Date of Graduation

8-2014

Document Type

Thesis

Degree Name

Master of Arts in Psychology (MA)

Degree Level

Graduate

Department

Psychological Science

Advisor

Ana Bridges

Committee Member

Ellen Leen-Feldner

Second Committee Member

Jeffrey Lohr

Keywords

Parent Management Training, Primary Care, Youth

Abstract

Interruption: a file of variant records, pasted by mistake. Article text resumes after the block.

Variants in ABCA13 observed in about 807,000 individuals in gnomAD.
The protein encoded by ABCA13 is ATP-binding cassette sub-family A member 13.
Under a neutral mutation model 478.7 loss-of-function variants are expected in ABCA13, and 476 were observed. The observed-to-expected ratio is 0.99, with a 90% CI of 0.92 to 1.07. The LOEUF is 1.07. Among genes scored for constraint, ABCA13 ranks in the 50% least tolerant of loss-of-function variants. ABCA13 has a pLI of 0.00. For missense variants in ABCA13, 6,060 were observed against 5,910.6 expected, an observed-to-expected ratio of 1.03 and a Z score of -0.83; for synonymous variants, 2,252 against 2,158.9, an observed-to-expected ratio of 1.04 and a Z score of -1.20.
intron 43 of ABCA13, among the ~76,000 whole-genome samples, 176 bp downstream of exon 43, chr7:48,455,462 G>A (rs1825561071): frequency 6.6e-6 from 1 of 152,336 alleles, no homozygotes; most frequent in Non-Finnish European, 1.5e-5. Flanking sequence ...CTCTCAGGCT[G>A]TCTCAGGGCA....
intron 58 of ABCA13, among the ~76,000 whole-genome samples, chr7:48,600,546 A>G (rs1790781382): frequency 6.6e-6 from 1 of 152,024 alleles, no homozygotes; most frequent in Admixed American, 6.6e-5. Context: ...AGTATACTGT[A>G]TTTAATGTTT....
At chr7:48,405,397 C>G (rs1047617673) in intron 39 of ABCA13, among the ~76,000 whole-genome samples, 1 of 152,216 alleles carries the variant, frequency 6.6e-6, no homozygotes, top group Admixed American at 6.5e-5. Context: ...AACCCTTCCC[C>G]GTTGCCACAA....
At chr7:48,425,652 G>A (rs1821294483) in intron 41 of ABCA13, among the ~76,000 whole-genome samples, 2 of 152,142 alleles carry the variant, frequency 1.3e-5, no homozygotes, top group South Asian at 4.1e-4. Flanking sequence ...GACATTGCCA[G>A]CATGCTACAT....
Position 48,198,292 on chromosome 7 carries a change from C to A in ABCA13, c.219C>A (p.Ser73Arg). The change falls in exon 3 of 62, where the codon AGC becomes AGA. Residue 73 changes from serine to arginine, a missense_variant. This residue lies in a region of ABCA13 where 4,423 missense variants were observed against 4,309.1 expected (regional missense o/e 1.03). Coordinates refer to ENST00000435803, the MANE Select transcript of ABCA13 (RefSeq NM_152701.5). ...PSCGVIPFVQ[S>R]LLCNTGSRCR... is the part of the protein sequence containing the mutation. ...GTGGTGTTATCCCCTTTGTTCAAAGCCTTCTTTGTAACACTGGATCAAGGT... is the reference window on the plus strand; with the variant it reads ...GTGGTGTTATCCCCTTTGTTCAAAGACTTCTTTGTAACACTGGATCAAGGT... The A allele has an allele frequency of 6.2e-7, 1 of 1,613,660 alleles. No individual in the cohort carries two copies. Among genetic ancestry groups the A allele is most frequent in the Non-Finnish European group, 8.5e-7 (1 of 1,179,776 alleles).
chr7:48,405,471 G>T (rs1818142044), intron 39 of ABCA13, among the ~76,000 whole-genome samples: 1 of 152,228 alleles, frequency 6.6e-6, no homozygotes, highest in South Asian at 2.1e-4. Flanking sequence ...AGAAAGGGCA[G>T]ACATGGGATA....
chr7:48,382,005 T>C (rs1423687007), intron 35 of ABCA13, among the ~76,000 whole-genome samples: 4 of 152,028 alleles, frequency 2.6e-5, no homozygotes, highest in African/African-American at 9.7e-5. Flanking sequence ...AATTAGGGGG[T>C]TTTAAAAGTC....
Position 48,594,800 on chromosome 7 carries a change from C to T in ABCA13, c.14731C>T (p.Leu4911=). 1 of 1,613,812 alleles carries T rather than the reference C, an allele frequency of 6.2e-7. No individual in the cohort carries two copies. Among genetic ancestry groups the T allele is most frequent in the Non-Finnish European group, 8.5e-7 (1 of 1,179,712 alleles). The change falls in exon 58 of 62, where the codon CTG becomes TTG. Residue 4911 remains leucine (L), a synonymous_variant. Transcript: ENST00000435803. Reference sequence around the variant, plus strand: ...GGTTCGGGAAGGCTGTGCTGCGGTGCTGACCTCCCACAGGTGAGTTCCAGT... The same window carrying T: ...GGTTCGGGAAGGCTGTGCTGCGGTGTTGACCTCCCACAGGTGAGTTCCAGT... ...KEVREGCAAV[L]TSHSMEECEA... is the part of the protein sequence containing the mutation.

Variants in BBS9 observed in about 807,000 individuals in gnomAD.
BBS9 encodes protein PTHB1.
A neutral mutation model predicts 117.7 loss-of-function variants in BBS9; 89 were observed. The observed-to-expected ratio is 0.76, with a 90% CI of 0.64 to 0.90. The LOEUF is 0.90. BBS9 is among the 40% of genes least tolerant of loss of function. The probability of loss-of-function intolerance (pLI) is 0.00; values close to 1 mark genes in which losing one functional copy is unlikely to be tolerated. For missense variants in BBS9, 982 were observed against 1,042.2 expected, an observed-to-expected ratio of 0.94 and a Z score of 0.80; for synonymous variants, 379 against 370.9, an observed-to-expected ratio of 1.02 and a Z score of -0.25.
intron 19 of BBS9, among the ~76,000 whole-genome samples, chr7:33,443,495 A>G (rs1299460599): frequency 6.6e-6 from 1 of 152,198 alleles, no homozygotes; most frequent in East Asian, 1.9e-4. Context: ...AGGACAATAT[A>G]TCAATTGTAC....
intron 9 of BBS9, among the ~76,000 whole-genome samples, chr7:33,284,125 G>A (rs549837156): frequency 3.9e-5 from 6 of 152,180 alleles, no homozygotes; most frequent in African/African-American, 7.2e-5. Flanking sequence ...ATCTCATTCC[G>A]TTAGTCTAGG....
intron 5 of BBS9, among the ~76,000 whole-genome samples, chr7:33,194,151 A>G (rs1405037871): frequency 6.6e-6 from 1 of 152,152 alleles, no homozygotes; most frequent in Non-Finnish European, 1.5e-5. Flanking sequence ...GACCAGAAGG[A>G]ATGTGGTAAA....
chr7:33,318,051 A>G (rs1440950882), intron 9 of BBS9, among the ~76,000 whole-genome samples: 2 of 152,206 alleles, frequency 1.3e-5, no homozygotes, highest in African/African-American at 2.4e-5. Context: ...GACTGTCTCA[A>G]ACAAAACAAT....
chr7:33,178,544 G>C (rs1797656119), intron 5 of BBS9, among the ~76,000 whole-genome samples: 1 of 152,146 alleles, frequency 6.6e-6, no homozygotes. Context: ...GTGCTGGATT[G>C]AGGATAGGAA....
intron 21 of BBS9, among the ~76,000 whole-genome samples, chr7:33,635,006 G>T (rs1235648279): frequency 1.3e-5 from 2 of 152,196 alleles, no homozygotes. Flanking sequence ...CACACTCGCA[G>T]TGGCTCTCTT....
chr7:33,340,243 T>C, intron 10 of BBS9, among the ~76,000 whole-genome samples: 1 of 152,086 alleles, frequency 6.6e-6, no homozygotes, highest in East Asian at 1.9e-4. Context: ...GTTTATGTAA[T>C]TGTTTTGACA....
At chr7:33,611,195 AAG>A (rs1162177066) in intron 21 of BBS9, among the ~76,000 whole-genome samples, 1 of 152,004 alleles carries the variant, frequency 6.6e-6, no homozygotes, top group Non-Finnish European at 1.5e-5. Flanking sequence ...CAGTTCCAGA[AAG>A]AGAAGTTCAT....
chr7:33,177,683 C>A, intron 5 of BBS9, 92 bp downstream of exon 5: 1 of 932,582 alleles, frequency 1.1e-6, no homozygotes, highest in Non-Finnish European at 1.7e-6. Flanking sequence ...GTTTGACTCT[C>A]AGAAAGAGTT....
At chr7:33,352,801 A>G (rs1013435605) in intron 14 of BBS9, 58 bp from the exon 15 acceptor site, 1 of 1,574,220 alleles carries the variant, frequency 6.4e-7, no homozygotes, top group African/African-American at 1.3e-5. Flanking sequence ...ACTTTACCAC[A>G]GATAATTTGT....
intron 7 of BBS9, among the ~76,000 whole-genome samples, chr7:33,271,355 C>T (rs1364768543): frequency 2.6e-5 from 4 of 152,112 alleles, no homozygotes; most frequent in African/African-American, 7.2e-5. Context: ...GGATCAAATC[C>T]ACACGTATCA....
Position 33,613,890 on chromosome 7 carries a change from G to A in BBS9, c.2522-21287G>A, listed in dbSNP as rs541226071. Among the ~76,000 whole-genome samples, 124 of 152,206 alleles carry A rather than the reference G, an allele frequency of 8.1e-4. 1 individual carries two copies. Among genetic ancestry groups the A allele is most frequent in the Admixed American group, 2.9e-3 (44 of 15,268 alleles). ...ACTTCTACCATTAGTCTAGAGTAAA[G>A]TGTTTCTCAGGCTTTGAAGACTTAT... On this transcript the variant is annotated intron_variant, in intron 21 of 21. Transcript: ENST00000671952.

This study explores the notion that brief interventions delivered in primary care can lead to positive outcomes in children with externalizing behavior problems. Study aims explored behavioral problem prevalence, whether caregivers found it acceptable to receive brief behavioral interventions following routine pediatric visits for identified behavioral problems, and whether it was feasible to deliver same-day services in a primary care setting. Additionally, preliminary data were provided regarding a small N randomized control trial conducted in a primary care setting. The trial utilized either a one-session intervention comprised of evidence-based Parent Management Training components or a supportive therapy intervention for children with externalizing behavioral problems. Participants were 100 caregivers and their children (M = 5.32 years, 54% female, 54% White) with disruptive behavior problems. Results revealed that more than half of caregivers (53%) endorsed one or more observed behavioral problems with their child. When offered help for identified problems, caregivers largely refused help and when they did accept help they were largely unable to stay for a same-day behavioral health visit. Preliminary small N trial data were provided by caregivers of 6 children (M = 5.50 years, 83% male, 67% White). Results indicated positive behavioral improvements in both children and caregivers, although caregiver knowledge regarding specific PMT components did not improve.

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